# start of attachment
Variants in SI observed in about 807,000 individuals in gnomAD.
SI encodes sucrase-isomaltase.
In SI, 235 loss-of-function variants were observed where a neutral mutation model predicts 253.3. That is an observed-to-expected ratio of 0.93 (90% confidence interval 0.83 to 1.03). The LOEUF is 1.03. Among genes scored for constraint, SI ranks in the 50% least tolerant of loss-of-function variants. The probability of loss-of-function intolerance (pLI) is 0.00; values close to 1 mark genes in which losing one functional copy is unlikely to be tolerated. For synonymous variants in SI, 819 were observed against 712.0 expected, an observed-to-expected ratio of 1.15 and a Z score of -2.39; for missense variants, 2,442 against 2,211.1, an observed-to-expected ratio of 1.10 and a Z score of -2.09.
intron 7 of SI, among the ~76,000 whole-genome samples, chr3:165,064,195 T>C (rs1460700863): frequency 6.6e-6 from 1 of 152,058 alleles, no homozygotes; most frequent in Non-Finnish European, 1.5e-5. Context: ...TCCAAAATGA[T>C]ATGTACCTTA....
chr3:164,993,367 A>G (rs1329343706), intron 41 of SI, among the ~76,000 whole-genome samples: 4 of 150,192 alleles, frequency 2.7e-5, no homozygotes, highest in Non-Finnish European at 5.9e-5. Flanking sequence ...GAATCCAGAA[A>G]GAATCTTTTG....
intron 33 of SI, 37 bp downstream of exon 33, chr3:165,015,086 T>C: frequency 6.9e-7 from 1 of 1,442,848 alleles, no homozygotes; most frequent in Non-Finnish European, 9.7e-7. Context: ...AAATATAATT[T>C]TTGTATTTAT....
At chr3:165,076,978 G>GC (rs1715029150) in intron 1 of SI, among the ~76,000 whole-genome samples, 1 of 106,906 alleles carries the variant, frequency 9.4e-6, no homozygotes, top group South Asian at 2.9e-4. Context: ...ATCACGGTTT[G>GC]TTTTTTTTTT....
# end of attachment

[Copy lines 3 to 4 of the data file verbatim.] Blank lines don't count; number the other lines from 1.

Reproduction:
In SI, 235 loss-of-function variants were observed where a neutral mutation model predicts 253.3. That is an observed-to-expected ratio of 0.93 (90% confidence interval 0.83 to 1.03). The LOEUF is 1.03. Among genes scored for constraint, SI ranks in the 50% least tolerant of loss-of-function variants. The probability of loss-of-function intolerance (pLI) is 0.00; values close to 1 mark genes in which losing one functional copy is unlikely to be tolerated. For synonymous variants in SI, 819 were observed against 712.0 expected, an observed-to-expected ratio of 1.15 and a Z score of -2.39; for missense variants, 2,442 against 2,211.1, an observed-to-expected ratio of 1.10 and a Z score of -2.09.
intron 7 of SI, among the ~76,000 whole-genome samples, chr3:165,064,195 T>C (rs1460700863): frequency 6.6e-6 from 1 of 152,058 alleles, no homozygotes; most frequent in Non-Finnish European, 1.5e-5. Context: ...TCCAAAATGA[T>C]ATGTACCTTA....